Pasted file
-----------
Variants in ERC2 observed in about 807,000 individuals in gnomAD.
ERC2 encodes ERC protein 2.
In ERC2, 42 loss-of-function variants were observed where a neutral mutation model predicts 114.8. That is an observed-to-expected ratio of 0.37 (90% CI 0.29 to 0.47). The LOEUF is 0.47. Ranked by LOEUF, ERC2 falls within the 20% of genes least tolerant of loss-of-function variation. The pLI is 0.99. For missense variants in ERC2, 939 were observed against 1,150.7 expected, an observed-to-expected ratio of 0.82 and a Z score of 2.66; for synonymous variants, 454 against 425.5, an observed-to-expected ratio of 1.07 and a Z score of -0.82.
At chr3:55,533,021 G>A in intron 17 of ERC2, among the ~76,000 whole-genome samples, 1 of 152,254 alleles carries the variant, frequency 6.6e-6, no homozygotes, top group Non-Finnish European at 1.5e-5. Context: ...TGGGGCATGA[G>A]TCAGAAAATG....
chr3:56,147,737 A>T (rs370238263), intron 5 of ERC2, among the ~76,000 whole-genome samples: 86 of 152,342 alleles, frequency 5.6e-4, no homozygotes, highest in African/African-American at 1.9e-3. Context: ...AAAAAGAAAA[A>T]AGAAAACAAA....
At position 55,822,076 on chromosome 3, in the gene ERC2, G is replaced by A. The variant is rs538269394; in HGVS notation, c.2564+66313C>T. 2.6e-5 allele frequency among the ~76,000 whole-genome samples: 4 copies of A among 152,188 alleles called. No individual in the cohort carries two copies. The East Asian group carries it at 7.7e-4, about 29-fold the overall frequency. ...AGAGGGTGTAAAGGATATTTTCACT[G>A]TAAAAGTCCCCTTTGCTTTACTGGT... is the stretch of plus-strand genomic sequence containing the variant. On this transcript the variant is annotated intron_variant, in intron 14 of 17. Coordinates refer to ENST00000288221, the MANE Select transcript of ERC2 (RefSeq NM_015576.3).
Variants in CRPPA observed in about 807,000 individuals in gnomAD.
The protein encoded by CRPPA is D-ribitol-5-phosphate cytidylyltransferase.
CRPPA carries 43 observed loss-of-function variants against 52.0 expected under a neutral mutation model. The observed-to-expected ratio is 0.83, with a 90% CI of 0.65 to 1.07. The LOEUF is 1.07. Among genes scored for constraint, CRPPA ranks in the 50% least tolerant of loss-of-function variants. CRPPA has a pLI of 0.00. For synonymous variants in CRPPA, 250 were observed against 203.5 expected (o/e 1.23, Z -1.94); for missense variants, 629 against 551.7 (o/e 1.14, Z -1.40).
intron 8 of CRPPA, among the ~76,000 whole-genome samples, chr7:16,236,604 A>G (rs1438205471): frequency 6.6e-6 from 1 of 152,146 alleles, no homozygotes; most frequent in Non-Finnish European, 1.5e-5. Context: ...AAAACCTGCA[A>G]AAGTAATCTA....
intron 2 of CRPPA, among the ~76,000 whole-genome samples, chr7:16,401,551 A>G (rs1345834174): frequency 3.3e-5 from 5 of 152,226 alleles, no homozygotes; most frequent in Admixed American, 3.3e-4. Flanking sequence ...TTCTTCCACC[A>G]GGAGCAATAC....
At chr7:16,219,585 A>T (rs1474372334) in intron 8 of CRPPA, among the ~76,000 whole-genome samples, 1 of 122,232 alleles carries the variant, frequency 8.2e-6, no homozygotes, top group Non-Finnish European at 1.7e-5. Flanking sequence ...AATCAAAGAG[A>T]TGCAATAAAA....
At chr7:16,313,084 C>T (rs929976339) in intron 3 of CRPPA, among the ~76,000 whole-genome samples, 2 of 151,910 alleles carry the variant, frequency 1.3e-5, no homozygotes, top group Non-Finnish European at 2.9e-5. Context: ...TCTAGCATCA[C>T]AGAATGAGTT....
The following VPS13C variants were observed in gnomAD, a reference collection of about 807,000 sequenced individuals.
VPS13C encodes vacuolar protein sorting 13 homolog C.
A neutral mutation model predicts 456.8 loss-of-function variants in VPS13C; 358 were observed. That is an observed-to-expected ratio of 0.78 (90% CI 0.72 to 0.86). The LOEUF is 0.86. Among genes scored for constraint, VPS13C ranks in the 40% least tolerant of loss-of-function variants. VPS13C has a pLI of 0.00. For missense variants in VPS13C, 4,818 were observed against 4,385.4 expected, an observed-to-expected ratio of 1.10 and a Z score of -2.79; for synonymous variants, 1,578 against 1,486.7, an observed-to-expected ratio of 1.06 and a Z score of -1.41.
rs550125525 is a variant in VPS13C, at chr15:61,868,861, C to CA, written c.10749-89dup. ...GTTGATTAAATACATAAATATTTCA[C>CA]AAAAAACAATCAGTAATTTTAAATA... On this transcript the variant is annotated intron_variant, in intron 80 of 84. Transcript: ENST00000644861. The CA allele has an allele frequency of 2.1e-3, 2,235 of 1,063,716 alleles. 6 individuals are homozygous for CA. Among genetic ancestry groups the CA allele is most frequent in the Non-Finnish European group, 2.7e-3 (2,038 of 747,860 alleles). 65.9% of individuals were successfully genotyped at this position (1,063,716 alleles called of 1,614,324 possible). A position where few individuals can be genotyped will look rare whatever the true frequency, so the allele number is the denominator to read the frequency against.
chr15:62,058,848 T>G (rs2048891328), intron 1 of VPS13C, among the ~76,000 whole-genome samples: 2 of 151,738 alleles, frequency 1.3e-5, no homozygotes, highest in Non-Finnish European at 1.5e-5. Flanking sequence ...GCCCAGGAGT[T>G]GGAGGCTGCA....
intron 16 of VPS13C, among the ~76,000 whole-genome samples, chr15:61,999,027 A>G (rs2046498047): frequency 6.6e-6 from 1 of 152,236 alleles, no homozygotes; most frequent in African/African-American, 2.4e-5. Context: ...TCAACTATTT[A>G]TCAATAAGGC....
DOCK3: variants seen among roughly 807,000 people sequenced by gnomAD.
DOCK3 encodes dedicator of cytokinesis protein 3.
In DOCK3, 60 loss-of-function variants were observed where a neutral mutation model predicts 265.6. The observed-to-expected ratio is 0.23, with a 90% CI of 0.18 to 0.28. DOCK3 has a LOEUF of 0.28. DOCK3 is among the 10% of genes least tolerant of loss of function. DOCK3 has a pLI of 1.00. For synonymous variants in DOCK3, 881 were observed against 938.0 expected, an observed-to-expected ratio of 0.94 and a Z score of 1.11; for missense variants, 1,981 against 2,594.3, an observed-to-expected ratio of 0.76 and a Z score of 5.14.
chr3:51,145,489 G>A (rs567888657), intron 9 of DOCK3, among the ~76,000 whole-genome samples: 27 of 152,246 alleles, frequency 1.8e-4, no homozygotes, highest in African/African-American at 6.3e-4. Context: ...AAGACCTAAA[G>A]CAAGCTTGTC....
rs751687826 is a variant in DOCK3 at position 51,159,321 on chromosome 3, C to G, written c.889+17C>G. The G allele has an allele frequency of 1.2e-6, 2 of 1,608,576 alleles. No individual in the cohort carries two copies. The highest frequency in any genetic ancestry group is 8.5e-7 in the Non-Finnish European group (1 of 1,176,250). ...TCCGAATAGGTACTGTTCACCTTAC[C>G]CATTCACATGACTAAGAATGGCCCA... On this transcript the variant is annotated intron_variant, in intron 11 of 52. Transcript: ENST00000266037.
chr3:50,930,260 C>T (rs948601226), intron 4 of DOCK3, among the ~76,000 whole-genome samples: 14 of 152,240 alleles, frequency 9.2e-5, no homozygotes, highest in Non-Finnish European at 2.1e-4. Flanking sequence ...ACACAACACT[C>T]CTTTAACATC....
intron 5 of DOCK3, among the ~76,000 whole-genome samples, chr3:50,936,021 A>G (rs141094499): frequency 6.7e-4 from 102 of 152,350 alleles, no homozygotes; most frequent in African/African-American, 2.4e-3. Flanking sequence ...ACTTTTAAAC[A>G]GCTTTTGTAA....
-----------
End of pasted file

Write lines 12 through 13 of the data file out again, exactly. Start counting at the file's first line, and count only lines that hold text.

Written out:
At chr7:16,219,585 A>T (rs1474372334) in intron 8 of CRPPA, among the ~76,000 whole-genome samples, 1 of 122,232 alleles carries the variant, frequency 8.2e-6, no homozygotes, top group Non-Finnish European at 1.7e-5. Flanking sequence ...AATCAAAGAG[A>T]TGCAATAAAA....
At chr7:16,313,084 C>T (rs929976339) in intron 3 of CRPPA, among the ~76,000 whole-genome samples, 2 of 151,910 alleles carry the variant, frequency 1.3e-5, no homozygotes, top group Non-Finnish European at 2.9e-5. Context: ...TCTAGCATCA[C>T]AGAATGAGTT....